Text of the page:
“I have cast the faces of hundreds of individuals... Using a unique process where I shrink the life masks. As my signature heads decrease in size, their connection to the original fades—they are not portraits—yet they could not exist without the original life mask. My work thus maintains the unique qualities and emotional depth of the individual, while showing the commonality among diverse cultures.” (Louise McCagg, Artist’s Statement)
A.I.R. Gallery is pleased to announce Congregation, a site-specific installation of more than two hundred paper-cast mask face-prints by New York Artist Louise McCagg. This body of work, part of which was represented in the Hungarian Pavilion in the Venice Biennale in 2009, will be shown at the A.I.R. Gallery, Brooklyn, NY.
This piece creates a space in which the viewer is able to gaze at the hundreds of subjects without any of them gazing back. There is a disturbing quietness in the collection of silent faces. “Congregation” is, as stated in Saint Peters Church Press in 2000, a collection of souls.
In this body of work McCagg developed a technique of shrinking life masks and being able to control the sizes of the masks that range from the size of a grapefruit to that of a large marble.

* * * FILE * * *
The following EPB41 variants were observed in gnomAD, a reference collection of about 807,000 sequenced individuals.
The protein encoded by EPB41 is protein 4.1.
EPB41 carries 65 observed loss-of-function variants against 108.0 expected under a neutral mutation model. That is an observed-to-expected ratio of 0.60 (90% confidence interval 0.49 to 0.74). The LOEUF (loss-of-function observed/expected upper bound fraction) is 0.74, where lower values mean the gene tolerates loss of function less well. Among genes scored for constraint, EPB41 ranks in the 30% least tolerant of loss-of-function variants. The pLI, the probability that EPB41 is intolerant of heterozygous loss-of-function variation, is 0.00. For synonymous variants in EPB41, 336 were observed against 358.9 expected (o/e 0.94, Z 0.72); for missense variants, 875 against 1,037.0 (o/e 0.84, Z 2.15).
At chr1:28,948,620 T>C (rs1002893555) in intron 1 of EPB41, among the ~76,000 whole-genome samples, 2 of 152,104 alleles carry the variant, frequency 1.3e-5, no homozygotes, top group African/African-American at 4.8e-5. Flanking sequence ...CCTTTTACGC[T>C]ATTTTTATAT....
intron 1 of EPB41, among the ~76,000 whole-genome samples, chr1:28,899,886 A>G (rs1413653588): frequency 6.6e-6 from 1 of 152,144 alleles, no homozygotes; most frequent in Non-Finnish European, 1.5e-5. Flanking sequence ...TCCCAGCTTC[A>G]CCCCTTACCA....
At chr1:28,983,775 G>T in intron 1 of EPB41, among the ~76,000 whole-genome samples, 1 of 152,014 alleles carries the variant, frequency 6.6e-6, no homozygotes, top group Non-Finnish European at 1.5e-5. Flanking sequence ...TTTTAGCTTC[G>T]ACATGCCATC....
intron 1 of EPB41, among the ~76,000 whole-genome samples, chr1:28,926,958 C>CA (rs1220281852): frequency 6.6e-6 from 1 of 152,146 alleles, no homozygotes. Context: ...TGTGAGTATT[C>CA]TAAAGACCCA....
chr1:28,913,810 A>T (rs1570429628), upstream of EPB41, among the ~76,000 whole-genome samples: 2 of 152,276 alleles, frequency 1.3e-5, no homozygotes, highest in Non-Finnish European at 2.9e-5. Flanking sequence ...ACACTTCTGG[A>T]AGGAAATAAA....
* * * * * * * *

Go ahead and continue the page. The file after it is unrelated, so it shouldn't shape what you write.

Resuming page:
As quoted by Nancy Stula, Executive Director of William Benton Museum of Art, University of Connecticut, Storrs: “Through casting, Louise explores the many ‘faces’ of a person and the nuances of their personality. She begins with an initial mold cast directly from the subject’s face, a life mask essentially. Because the masks are taken directly from the sitter, they bear the imprint of their faces, the texture of their skin. The eyes are always closed and this feature, a practical remnant of the process which starts with a life mask, serves to give the viewer the license to peek a little bit closer at Louise's heads and faces. If their eyes are closed they can't see us, to engage us in dialogue or to challenge us.”
Louise McCagg received her B.A. in English Literature from Barnard College in 1959, studied printmaking and painting at the Arts Students League in New York City, and then received her M.F.A. from Michigan State University in 1971. McCagg has shown extensively throughout the U.S. and internationally. She has exhibited at A.I.R. Gallery for over twenty-five years. At the moment, McCagg lives in New York City though she is drawing, her Parkinson's precludes further sculptural work.